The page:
14 November 2005
Secretary-General Calls for Active Effort to Learn about Each Other, In Message to Mark International Day of Tolerance
Passive Acceptance of Others' Peculiarities Not Enough, He Stresses
NEW YORK, 11 November (UN Headquarters) -- Following is the text of UN Secretary-General Kofi Annan's message on the International Day of Tolerance, to be observed on 16 November:
Diversity has forever characterized the human condition. Yet, mankind's acceptance of it has been painfully lacking. This intolerance of the "other" remains a source of great and everyday human suffering.
That is why fighting intolerance in all its forms has been fundamental to the work of the United Nations for 60 years. The need for tolerance is greater today than at any time in the United Nations' past. In a world of intense economic competition, shifting populations and shrinking distances, the pressures of living together with people of different cultures and different beliefs from one's own are very real. The resultant backlash is evident in the rise of xenophobia and extremism across the globe. It demands our strongest response.
Building a culture of tolerance is an important start. Such a culture must necessarily be based on increased legal protection and education. But individual initiative must also play a part. Tolerance cannot simply mean passive acceptance of other peoples' perceived peculiarities. It must involve an active effort by all of us to learn more about each other, to understand the wellsprings of each other's differences, to discover what is best in each other's beliefs and traditions. Only through such a process of discovery can we come to realize that what binds us as human beings is far stronger than what divides us men.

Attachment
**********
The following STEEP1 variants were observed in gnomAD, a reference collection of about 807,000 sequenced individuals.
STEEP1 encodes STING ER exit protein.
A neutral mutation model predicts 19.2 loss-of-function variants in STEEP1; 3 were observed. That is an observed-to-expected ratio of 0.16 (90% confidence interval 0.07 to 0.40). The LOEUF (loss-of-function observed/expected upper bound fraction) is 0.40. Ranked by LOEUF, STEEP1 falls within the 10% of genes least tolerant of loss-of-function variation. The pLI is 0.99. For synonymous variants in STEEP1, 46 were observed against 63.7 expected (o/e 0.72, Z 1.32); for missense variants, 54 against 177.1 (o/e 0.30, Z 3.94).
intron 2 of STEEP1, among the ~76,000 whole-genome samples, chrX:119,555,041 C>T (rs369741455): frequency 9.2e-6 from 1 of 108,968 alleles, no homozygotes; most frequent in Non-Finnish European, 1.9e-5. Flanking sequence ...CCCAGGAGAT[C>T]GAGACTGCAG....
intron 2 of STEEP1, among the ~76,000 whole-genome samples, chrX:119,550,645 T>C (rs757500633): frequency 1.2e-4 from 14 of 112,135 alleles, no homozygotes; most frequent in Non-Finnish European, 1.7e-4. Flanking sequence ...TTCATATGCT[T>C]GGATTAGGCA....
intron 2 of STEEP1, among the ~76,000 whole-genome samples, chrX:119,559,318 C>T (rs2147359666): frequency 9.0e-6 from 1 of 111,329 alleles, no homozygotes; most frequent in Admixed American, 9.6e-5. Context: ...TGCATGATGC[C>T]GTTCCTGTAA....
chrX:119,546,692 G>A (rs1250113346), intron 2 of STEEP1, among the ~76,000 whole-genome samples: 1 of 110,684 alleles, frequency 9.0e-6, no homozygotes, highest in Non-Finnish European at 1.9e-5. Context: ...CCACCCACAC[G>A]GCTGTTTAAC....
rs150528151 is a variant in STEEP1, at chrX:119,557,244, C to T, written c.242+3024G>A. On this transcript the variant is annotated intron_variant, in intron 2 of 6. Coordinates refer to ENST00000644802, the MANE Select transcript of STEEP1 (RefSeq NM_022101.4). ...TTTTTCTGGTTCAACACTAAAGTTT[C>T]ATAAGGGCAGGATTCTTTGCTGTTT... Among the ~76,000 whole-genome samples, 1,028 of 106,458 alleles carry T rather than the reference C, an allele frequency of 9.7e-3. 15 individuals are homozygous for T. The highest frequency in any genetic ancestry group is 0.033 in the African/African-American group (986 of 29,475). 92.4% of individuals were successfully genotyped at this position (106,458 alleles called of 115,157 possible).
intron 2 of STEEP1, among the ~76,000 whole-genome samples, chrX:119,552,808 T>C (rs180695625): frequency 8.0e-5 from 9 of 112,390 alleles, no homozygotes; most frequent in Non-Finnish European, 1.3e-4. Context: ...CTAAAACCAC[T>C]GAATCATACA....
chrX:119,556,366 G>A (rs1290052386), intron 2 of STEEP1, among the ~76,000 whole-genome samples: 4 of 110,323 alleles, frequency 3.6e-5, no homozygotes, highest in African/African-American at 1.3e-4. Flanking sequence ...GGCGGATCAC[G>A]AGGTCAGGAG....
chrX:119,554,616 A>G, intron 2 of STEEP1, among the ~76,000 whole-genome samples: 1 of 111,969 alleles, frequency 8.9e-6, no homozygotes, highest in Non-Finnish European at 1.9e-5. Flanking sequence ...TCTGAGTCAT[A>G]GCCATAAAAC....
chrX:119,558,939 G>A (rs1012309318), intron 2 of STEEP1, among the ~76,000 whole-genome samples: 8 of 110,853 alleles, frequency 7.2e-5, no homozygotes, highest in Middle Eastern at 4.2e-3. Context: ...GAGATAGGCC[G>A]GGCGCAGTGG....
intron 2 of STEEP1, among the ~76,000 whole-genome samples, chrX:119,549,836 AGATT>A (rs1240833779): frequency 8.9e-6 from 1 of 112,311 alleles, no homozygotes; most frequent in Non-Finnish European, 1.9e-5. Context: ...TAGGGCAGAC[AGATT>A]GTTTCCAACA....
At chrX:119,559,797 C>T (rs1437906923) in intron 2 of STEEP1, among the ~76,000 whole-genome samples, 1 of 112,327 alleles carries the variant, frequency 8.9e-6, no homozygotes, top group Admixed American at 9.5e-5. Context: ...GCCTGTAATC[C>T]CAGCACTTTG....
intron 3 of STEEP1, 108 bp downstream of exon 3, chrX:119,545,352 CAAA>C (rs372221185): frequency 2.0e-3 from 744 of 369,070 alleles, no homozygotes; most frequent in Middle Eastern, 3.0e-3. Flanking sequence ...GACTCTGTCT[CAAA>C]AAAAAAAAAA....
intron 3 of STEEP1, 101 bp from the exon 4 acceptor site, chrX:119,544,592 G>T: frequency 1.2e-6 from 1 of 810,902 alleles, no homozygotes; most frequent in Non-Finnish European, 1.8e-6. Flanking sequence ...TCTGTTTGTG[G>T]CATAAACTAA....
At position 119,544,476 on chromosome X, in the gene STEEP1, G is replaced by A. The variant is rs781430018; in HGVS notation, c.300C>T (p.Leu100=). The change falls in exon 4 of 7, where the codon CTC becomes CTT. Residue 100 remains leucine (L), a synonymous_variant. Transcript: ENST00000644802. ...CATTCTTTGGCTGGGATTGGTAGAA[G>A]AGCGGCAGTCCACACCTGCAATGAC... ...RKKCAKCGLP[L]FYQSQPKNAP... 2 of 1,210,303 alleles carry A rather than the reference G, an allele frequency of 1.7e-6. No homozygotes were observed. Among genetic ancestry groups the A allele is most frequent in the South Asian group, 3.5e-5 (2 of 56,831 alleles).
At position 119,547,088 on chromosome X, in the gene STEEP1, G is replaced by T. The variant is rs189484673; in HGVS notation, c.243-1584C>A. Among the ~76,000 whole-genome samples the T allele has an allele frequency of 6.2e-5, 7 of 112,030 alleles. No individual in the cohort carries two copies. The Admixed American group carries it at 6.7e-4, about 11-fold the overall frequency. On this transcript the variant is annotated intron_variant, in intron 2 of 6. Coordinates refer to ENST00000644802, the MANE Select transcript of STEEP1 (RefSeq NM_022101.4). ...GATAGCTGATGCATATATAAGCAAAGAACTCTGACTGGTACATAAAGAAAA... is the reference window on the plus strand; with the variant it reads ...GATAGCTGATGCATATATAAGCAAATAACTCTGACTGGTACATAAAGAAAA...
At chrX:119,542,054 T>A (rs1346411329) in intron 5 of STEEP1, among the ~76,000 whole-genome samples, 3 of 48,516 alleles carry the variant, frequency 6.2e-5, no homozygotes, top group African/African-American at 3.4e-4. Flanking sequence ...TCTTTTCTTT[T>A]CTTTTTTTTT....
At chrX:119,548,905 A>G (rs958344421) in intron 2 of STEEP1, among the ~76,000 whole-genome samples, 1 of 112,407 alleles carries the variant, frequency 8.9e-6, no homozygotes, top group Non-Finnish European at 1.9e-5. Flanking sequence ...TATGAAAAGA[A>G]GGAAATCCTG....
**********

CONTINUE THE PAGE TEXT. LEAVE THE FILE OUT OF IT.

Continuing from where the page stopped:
If we hope to achieve peace in our young century, we must start respecting each other today -- as individuals who each have the right to define our own identity, and belong to the faith or culture of our choice; as individuals who know that we can cherish what we are, without hating what we are not.
In the Outcome Document of the recent United Nations World Summit, all the world's Governments tell us: "We recognize that all cultures and civilizations contribute to the enrichment of humankind. We acknowledge the importance of respect for religious and cultural diversity throughout the world. In order to promote international peace and security, we commit ourselves to ... encouraging tolerance, respect, dialogue and cooperation among different cultures, civilizations and peoples."
On this International Day of Tolerance, let us pledge to translate those words into reality; to celebrate our diversity and learn from our differences; to make use of them in strengthening the bonds of our common humanity.
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